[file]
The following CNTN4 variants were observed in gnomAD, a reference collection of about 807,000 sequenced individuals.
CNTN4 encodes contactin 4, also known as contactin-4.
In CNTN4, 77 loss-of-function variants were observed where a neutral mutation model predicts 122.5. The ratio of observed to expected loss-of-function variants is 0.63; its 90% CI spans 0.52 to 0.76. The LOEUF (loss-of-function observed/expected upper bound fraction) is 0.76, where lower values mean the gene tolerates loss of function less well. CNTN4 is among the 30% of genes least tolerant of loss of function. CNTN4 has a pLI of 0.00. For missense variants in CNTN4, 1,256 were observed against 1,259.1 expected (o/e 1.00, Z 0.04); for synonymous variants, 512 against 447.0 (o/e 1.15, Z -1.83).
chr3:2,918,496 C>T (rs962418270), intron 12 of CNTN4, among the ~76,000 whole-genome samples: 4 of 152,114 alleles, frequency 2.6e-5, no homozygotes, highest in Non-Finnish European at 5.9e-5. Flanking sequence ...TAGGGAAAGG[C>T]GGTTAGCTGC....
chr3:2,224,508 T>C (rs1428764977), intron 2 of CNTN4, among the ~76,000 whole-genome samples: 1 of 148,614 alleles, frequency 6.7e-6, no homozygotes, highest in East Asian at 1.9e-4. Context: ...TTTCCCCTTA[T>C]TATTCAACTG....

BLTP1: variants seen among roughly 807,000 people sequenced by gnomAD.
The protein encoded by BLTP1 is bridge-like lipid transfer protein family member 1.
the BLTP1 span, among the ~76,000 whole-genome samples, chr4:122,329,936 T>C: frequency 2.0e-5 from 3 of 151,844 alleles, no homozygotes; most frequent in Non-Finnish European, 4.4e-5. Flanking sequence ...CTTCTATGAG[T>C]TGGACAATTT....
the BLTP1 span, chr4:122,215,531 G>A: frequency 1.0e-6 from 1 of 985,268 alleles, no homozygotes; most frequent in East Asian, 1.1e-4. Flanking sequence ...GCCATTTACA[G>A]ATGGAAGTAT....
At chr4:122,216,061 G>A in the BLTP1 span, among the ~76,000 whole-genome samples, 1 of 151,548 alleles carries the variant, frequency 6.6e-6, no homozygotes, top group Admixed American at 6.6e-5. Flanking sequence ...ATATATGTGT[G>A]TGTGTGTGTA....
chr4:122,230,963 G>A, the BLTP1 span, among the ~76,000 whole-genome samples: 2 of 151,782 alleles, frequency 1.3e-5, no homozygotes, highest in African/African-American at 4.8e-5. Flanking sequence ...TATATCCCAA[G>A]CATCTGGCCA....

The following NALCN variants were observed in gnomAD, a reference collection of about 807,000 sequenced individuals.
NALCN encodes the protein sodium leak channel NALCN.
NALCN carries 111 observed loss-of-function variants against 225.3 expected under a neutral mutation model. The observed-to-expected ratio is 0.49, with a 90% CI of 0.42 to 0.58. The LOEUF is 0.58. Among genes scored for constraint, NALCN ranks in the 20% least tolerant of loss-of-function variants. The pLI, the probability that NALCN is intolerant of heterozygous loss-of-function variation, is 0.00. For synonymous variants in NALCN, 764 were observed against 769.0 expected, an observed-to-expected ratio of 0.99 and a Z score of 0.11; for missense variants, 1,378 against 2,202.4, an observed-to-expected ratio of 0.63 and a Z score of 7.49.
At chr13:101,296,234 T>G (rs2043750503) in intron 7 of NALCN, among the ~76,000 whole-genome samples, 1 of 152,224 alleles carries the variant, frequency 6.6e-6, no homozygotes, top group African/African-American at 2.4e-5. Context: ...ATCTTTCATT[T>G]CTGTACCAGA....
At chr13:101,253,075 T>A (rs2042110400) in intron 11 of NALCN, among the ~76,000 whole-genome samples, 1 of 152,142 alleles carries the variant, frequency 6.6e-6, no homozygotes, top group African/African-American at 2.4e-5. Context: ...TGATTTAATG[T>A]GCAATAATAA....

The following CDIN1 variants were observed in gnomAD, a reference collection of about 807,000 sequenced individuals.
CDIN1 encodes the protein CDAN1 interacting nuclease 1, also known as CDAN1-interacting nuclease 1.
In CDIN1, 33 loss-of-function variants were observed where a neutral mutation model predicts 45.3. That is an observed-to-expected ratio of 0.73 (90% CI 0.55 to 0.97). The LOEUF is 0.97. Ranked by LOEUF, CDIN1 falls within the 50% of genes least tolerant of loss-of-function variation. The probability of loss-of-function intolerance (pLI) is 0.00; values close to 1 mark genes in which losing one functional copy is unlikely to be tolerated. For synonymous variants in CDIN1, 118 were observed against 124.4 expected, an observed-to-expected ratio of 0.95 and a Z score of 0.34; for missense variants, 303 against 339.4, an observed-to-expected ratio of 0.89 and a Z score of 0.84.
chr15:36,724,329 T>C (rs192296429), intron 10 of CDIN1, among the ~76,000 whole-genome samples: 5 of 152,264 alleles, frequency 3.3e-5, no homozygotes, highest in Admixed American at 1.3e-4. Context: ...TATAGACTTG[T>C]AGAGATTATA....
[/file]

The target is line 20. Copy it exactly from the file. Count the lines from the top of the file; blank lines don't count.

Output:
chr15:36,724,329 T>C (rs192296429), intron 10 of CDIN1, among the ~76,000 whole-genome samples: 5 of 152,264 alleles, frequency 3.3e-5, no homozygotes, highest in Admixed American at 1.3e-4. Context: ...TATAGACTTG[T>C]AGAGATTATA....